One story more about your hair, my love, my ghost: once in 1931, fresh from Hong Kong, you posed for the camera in a silk dress, still as if stuffed, aware and not aware the foreign shores were home. Your bobbed locks, I once wrote, impossibly black, a tar waterfall marcelled as if to death - this was the hair we always saw on you, not the white, hood-like boy's cap we later cut and pasted to your skull. This was your brooding patina, your blood's (or our blood's) insistent reminder of itself. Tonight, I walk with the dogs out through the snow newly fallen, the crescent moon drawn up dawn-bright in the dark sky, and think - not of the you, but of the all of you. The now dull glances of your eyes, your hands on my hands, my own hands clutching back. What have you done to me? someone whispers, as another image of you slips past and I turn - Though in truth what have I not done to you, and what would I not do again to keep you with me? The you who were everything and nothing to me both, gone but for the details now, the sentimental. Remember?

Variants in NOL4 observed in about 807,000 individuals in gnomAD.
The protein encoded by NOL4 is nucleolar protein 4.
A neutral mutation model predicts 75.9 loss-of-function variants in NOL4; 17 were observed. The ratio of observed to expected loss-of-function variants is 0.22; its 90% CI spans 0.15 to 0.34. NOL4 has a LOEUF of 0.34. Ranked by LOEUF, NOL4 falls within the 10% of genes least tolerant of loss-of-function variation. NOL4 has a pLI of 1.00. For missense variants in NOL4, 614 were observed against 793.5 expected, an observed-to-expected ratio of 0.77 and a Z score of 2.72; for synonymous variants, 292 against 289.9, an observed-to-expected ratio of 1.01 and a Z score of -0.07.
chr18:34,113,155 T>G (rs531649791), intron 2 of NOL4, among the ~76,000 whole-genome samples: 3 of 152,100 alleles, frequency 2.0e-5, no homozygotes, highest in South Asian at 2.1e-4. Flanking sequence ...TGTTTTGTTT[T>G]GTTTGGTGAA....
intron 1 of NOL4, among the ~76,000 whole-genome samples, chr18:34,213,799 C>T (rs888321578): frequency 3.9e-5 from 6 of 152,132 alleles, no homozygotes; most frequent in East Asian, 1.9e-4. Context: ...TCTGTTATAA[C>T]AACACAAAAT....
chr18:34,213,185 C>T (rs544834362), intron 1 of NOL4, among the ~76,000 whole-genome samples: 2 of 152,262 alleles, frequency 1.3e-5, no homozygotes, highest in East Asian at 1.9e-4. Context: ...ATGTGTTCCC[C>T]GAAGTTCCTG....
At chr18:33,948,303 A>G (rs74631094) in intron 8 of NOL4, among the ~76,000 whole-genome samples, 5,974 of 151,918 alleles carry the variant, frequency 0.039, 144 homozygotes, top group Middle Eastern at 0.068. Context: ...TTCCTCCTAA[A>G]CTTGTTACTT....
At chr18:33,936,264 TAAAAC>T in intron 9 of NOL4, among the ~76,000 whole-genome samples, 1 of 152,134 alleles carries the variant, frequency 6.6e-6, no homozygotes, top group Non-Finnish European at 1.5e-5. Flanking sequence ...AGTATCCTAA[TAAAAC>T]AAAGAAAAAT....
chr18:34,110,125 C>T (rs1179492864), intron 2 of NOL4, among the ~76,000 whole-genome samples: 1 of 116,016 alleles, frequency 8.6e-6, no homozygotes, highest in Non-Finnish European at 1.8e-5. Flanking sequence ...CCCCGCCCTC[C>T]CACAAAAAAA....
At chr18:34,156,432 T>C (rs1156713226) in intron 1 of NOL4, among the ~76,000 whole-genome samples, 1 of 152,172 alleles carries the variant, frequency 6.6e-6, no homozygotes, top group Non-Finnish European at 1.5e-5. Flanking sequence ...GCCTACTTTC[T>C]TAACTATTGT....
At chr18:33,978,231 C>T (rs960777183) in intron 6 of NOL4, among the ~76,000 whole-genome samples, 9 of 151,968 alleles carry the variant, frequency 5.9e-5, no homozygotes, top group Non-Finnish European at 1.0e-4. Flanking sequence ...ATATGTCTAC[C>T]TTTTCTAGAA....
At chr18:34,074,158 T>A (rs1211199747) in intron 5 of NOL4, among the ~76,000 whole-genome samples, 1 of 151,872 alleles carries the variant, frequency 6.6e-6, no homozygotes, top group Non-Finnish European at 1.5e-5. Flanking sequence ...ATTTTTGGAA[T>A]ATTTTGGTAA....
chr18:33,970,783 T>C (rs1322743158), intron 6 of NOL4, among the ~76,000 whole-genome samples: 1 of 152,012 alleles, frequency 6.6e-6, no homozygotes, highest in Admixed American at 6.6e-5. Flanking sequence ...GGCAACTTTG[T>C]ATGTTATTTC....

Buy Invention of the Kaleidoscope book by Paisley Rekdal from Australia's Online Bookstore, Boomerang Books.
(229mm x 152mm x 7mm)
University of Pittsburgh Press
Publisher: University of Pittsburgh Press
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Author Biography - Paisley Rekdal
Paisley Rekdal is assistant professor of English at the University of Utah. She is the author of a book of essays, The Night My Mother Met Bruce Lee, and two books of poetry, A Crash of Rhinos and Six Girls Without Pants. She is the recipient of the Village Voice Writers on the Verge Award, the University of Georgia Press Contemporary Poetry Series Award, an NEA Fellowship, a Fulbright Fellowship, and the Laurence Goldstein Poetry Prize from Michigan Quarterly Review. Her poems and essays have appeared in the New York Times Magazine, Nerve, Ploughshares, Poetry, Michigan Quarterly Review, Virginia Quarterly Review, and Prairie Schooner, and on NPR, among other places.